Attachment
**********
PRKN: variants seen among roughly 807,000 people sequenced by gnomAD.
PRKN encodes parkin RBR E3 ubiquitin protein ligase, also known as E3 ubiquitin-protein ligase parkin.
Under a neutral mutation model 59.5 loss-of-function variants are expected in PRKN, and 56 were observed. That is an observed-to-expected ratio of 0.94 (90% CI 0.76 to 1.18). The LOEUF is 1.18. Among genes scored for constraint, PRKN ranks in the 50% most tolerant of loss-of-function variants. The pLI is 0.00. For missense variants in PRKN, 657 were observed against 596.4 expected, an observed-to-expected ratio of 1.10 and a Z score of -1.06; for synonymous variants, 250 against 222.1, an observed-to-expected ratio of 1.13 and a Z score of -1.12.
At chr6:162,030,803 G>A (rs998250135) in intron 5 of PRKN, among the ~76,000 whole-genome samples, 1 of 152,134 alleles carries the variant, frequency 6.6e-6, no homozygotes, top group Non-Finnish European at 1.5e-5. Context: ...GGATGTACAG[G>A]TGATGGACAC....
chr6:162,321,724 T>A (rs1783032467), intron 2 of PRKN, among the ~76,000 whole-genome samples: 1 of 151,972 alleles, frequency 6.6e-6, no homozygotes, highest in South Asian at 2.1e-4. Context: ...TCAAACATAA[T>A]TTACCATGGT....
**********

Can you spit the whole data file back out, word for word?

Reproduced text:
PRKN: variants seen among roughly 807,000 people sequenced by gnomAD.
PRKN encodes parkin RBR E3 ubiquitin protein ligase, also known as E3 ubiquitin-protein ligase parkin.
Under a neutral mutation model 59.5 loss-of-function variants are expected in PRKN, and 56 were observed. That is an observed-to-expected ratio of 0.94 (90% CI 0.76 to 1.18). The LOEUF is 1.18. Among genes scored for constraint, PRKN ranks in the 50% most tolerant of loss-of-function variants. The pLI is 0.00. For missense variants in PRKN, 657 were observed against 596.4 expected, an observed-to-expected ratio of 1.10 and a Z score of -1.06; for synonymous variants, 250 against 222.1, an observed-to-expected ratio of 1.13 and a Z score of -1.12.
At chr6:162,030,803 G>A (rs998250135) in intron 5 of PRKN, among the ~76,000 whole-genome samples, 1 of 152,134 alleles carries the variant, frequency 6.6e-6, no homozygotes, top group Non-Finnish European at 1.5e-5. Context: ...GGATGTACAG[G>A]TGATGGACAC....
chr6:162,321,724 T>A (rs1783032467), intron 2 of PRKN, among the ~76,000 whole-genome samples: 1 of 151,972 alleles, frequency 6.6e-6, no homozygotes, highest in South Asian at 2.1e-4. Context: ...TCAAACATAA[T>A]TTACCATGGT....